It only took 22 seconds into the new teaser trailer for Season 5 of The Handmaid’s Tale for me to start screaming, “Oh my god, this is a JOKE!” I shouted this to no one in particular, isolated in my bedroom and recovering from COVID. For a second, I thought it might be the quarantine stir craziness kicking in and playing tricks on my mind, but no. That is, indeed, a moody indie girl cover of Christina Aguilera’s “Fighter” scoring the trailer. The Handmaid’s Tale Industrial Complex has got to be stopped!
Sure, Hulu’s series about Elisabeth Moss battling a fundamentalist nation forcing women to give birth to the next generation of the human race is definitely more timely than ever. Reproductive rights are under siege in America, and trigger laws have already gone into effect after the Supreme Court’s decision to overturn Roe v. Wade. But, my god, the last thing we need in these awful times is more Handmaid’s Tale.
In the years since it became one of Hulu’s hallmark scripted shows, The Handmaid’s Tale has completely devolved into a mess of virtue-signaling and preposterous overacting. This series was once an excellent showcase of talent, an anxiety-inducing glimpse at a future that might not be so far off. “You know, that’s where we’re headed,” we’d say at parties in the spring of 2017, fresh off the election of Donald Trump, always assuming that things couldn’t really get that bad. The Handmaid’s Tale was a proxy for our darkest fears, which have all now come true.
But that was Season 1! Anyone with two eyes and half a heart who watched even a frame of the show past the first ten episodes knows that it has since fallen completely apart. It’s stretched itself past the material of Margaret Atwood’s source novel, becoming a jumble of torture porn and absurdist political theater. People think Stranger Things was the first modern show to implement a Kate Bush song in a pivotal moment, but I’ll never forget the Season 2 premiere of The Handmaid’s Tale where producers used “This Woman’s Work” to soundtrack a scene where a bunch of women were sent to the gallows to hang themselves at Fenway Park. Like, come on.
And by the looks of it, the new season won’t be much better than that crock, either. Ann Dowd is still there, doing her Ann Dowd thing as Aunt Lydia. By the time she showed up in the teaser and shouted, “Oh, blessed be this day!” my eyes had rolled so far back in my head that I thought I’d have to go spelunking to find my pupils. Aren’t you tired, Miss Dowd? Haven’t you electrocuted enough women with cattle prods for one lifetime?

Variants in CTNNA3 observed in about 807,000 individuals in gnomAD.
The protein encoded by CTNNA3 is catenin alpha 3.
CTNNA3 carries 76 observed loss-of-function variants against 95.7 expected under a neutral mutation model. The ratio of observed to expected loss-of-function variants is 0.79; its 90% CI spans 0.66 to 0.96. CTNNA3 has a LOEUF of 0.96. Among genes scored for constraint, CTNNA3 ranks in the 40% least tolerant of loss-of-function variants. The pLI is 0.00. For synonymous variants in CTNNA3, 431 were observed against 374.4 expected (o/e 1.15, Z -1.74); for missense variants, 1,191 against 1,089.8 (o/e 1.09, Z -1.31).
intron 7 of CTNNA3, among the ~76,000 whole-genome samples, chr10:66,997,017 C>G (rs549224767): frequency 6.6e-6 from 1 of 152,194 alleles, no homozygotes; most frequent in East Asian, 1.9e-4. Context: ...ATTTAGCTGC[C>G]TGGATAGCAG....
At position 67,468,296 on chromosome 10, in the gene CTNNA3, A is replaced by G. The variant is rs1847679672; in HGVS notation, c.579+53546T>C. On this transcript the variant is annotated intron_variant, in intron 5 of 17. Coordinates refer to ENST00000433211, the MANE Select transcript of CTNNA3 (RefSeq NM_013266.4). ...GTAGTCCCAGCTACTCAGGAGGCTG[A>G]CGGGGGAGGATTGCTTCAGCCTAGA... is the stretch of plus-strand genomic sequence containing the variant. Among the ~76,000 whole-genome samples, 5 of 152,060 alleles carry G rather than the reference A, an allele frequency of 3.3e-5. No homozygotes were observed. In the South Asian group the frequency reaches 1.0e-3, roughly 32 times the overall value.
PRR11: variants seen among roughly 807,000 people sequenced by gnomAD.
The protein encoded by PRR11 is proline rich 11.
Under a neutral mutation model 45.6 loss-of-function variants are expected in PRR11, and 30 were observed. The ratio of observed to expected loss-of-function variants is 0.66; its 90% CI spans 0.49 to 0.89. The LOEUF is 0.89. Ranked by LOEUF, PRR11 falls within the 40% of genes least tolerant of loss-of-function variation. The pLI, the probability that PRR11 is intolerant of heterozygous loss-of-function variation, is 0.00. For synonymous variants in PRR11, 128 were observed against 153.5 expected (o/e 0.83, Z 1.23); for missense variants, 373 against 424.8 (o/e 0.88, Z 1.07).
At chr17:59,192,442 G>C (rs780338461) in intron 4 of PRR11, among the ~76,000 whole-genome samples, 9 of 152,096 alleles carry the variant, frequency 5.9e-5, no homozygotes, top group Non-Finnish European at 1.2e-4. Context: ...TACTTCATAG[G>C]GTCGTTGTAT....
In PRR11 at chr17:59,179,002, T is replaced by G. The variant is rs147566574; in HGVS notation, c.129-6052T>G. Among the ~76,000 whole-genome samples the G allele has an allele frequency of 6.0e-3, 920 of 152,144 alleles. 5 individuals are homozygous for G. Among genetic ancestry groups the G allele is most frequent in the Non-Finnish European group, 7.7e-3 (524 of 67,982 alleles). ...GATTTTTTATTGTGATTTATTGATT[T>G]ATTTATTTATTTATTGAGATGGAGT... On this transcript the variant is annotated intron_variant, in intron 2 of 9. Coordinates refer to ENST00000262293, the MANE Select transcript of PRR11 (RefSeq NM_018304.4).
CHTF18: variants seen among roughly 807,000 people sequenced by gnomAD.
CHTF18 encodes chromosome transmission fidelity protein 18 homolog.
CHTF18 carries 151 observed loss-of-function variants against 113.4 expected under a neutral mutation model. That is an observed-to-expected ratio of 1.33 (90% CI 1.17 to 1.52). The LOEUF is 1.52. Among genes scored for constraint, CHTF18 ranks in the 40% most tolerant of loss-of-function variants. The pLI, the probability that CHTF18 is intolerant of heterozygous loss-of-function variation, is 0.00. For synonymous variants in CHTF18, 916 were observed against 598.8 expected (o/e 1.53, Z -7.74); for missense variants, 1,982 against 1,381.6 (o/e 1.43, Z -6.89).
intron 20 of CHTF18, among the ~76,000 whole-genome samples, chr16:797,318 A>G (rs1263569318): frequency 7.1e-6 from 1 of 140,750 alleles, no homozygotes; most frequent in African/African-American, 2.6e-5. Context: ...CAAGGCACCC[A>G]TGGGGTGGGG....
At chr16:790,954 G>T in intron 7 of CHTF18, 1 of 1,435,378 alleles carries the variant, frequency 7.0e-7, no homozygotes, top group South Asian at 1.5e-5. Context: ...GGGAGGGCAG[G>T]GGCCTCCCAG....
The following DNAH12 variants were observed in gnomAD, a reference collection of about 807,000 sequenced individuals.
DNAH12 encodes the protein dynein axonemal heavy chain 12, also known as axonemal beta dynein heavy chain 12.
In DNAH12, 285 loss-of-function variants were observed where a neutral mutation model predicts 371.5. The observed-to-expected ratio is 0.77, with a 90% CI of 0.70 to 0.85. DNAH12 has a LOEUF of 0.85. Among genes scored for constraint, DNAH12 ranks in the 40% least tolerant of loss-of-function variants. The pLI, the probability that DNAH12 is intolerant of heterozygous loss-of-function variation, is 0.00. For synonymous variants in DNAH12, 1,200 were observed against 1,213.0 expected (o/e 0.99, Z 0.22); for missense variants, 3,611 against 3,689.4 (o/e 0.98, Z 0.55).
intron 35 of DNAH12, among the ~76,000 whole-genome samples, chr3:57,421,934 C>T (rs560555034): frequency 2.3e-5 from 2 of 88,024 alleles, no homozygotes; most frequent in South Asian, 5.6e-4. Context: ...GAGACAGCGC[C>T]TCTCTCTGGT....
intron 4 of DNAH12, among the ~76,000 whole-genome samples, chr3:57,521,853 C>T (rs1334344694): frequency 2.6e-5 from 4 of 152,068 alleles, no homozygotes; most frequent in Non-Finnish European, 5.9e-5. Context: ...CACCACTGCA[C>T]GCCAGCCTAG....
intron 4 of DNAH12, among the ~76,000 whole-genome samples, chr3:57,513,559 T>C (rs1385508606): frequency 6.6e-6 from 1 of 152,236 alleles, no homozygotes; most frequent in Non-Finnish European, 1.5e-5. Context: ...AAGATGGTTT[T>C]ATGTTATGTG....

And, of course, what would The Handmaid’s Tale be without 16 separate tight closeups of Elisabeth Moss’ face, stiffened and awash in determination? This teaser has plenty of that too, along with every character clad in a different colored peacoat. The costume department received a $200 budget for the entire fifth season, went to Burlington Coat Factory, and absolutely freaked it out.
I have a soft spot for stunningly realized emotional performances, so of course, I will watch anything that Elisabeth Moss is in. But I draw the line at any more Handmaid’s Tale. It has basically paid for a new wing of the Scientology Celebrity Center at this point, and I can no longer conscientiously contribute to this show’s baffling popularity. Xenu has enough coins to last him multiple clearances.
There is no more place for this show in our current hellscape. “Dystopia” is a word that no longer means anything when everything is already worse than we ever could’ve imagined it would be. At this point, it actually feels like it The Handmaid’s Tale is doing more harm than good. Every pro-abortion protest is still infiltrated by a handful of people in maid costumes, thinking that showing up in a red cloak and a bonnet is somehow a powerful—or even shocking—statement anymore. My god, Kylie Jenner even threw a Handmaid’s Tale-themed birthday party for her friend, well into season three!
The show has become nothing more than a totem, a hollow symbol that people use to make themselves feel smart and clued in. There is nothing of value left to mine in this story. We’d all be better served to use the hours that would be spent watching this show doing something that’s actually in the service of the marginalized parties in America. Elisabeth Moss can scowl at the camera all she wants, it’s not going to do anything.